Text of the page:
Blackbeard (Edward Teach, c. 1680 – 1718) was an English pirate who
operated around the West Indies and the eastern coast of the American
colonies. He was probably born in Bristol, but little is known about his
early life. He may have served on privateer ships during Queen Anne's
War before he joined the crew of Benjamin Hornigold, a pirate who
operated from the Caribbean island of New Providence. In the Queen
Anne's Revenge, a renamed merchant vessel, Teach blockaded the port of
Charles Town, South Carolina, with an alliance of pirates. After
successfully ransoming its inhabitants, he settled in Bath Town, but
soon returned to piracy. He was attacked and killed near Ocracoke Island
by a crew seeking the reward for his capture. A shrewd and calculating
leader, he avoided the use of force, and there are no accounts that he
ever harmed his captives. Following his death, his image was
romanticised, becoming the inspiration for a variety of pirate-themed
works of fiction.
Read more: <https://en.wikipedia.org/wiki/Blackbeard>
Today's selected anniversaries:
The first National Women's Rights Convention, presided over by
Paulina Kellogg Wright Davis, was held in Worcester, Massachusetts, U.S.
World War II: Japanese forces began their ill-fated attempt to
recapture Henderson Field from the Americans.
The Hungarian Revolution began as a peaceful student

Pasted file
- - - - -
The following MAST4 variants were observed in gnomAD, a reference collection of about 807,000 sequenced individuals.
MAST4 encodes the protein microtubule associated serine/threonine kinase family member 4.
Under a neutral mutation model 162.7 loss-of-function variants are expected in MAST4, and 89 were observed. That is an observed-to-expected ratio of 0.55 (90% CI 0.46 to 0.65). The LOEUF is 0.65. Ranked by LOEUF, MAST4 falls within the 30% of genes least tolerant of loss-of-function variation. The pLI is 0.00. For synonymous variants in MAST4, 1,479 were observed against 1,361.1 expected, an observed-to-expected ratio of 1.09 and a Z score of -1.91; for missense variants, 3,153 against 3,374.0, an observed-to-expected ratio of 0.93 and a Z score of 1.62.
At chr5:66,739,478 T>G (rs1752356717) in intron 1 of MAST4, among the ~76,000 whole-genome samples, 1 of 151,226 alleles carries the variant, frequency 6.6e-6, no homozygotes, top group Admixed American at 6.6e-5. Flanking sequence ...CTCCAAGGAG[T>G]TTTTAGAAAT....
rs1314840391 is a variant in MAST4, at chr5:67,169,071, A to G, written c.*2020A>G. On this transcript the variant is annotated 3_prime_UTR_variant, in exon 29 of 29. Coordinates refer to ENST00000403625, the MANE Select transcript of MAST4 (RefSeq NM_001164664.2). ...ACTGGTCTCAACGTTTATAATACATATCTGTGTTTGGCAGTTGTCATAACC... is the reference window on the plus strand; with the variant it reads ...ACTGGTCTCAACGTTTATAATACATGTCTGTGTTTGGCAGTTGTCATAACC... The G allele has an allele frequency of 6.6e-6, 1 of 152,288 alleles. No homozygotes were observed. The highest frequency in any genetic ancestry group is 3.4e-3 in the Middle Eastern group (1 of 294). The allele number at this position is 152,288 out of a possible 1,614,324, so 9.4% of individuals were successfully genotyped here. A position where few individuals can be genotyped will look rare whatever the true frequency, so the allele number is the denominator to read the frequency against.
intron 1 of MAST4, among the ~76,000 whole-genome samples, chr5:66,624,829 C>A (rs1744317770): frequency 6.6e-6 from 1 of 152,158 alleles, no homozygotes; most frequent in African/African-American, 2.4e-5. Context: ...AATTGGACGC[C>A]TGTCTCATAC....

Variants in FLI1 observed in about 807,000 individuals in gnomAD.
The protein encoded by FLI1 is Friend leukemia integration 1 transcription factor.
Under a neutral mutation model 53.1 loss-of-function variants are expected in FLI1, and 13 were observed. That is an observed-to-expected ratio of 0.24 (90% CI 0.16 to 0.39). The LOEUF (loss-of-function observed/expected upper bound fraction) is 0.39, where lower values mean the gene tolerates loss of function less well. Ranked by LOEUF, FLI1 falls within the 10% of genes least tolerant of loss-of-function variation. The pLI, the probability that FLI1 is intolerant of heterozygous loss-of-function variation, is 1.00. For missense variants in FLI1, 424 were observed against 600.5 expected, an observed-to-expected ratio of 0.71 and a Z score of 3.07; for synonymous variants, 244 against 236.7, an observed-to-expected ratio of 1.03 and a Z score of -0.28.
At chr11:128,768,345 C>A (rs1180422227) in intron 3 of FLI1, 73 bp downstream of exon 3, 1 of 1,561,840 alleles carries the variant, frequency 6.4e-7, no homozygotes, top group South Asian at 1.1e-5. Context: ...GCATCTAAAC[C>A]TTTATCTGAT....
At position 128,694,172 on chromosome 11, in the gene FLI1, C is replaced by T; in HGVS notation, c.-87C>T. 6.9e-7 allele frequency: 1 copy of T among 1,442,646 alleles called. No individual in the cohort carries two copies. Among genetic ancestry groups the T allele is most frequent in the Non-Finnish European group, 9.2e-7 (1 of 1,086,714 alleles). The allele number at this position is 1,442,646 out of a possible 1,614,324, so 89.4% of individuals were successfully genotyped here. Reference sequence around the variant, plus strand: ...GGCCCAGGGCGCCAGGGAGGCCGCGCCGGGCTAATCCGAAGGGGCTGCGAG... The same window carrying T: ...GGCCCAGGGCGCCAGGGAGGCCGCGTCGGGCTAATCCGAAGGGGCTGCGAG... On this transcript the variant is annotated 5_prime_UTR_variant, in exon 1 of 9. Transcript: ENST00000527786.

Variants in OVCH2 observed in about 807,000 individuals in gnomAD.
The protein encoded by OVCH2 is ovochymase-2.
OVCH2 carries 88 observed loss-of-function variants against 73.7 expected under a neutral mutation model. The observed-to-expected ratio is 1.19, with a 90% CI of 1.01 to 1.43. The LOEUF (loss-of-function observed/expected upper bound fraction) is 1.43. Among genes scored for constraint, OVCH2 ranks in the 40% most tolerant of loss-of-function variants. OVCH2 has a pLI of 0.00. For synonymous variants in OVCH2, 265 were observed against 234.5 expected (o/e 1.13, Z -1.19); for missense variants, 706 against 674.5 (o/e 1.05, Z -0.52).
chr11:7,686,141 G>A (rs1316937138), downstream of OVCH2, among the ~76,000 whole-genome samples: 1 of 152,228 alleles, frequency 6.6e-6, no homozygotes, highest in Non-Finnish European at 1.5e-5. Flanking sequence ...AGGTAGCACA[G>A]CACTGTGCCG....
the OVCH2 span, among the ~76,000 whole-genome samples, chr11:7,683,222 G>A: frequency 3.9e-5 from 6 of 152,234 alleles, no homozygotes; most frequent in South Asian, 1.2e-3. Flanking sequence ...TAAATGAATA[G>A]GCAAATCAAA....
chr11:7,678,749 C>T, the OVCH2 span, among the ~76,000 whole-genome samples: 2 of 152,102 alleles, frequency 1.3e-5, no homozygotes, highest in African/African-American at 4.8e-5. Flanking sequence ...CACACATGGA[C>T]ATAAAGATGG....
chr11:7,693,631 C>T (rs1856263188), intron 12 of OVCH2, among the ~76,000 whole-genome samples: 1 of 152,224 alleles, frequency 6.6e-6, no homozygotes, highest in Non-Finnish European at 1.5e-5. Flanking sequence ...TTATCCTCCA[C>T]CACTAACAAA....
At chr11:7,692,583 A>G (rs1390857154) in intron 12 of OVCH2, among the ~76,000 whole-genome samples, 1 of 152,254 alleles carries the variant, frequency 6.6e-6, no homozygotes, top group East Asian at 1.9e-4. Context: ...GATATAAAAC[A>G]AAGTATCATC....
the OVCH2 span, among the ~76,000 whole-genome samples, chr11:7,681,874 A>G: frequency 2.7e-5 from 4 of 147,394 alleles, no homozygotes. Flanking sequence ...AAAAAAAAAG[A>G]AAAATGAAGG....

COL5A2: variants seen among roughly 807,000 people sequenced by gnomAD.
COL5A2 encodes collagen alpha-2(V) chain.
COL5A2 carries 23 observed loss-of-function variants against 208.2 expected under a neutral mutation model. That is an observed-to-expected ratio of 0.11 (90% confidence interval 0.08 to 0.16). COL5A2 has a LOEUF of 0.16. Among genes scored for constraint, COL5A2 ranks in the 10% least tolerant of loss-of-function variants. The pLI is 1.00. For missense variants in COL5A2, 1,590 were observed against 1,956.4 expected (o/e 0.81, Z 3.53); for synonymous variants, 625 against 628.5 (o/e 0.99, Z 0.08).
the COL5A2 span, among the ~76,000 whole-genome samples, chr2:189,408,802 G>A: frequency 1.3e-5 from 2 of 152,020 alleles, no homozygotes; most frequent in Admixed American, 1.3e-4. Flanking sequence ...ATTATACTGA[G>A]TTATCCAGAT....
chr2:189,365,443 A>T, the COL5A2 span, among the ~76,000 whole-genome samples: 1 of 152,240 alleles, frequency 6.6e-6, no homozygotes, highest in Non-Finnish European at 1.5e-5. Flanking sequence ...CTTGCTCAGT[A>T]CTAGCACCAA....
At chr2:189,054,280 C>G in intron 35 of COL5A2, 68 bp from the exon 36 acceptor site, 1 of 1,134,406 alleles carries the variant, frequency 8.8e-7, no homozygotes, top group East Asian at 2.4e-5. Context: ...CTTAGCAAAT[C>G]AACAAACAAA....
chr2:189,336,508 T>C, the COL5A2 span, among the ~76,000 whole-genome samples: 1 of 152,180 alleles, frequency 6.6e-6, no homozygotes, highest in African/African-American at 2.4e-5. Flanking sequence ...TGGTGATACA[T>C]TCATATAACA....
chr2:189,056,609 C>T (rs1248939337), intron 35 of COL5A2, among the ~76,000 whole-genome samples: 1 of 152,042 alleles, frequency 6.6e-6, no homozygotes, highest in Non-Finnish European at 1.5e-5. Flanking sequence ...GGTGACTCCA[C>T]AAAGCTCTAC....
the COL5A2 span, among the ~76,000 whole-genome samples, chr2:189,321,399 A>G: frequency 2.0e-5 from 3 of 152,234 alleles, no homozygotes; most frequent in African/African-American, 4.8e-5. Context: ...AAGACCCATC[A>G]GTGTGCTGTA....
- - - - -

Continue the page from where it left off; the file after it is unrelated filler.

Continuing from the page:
demonstration which attracted thousands as it marched through central
Budapest to the Parliament building.
Chechen separatists seized a crowded theater in Moscow, taking
approximately 700 patrons and performers hostage.
Wiktionary's word of the day:
(pharmacology, also attributive) A substance which a patient
experiences as harmful due to a previous negative perception, but which
is in fact pharmacologically (medicinally) inactive.
Wikiquote quote of the day:
We must daily decide whether the threats we face are real, whether
the solutions we are offered will do any good, whether the problems
we're told exist are in fact real problems, or non-problems. Every one
of us has a sense of the world, and we all know that this sense is in
part given to us by what other people and society tell us; in part
generated by our emotional state, which we project outward; and in part
by our genuine perceptions of reality. In short, our struggle to
determine what is true is the struggle to decide which of our
perceptions are genuine, and which are false because they are handed
down, or sold to us, or generated by our own hopes and fears.
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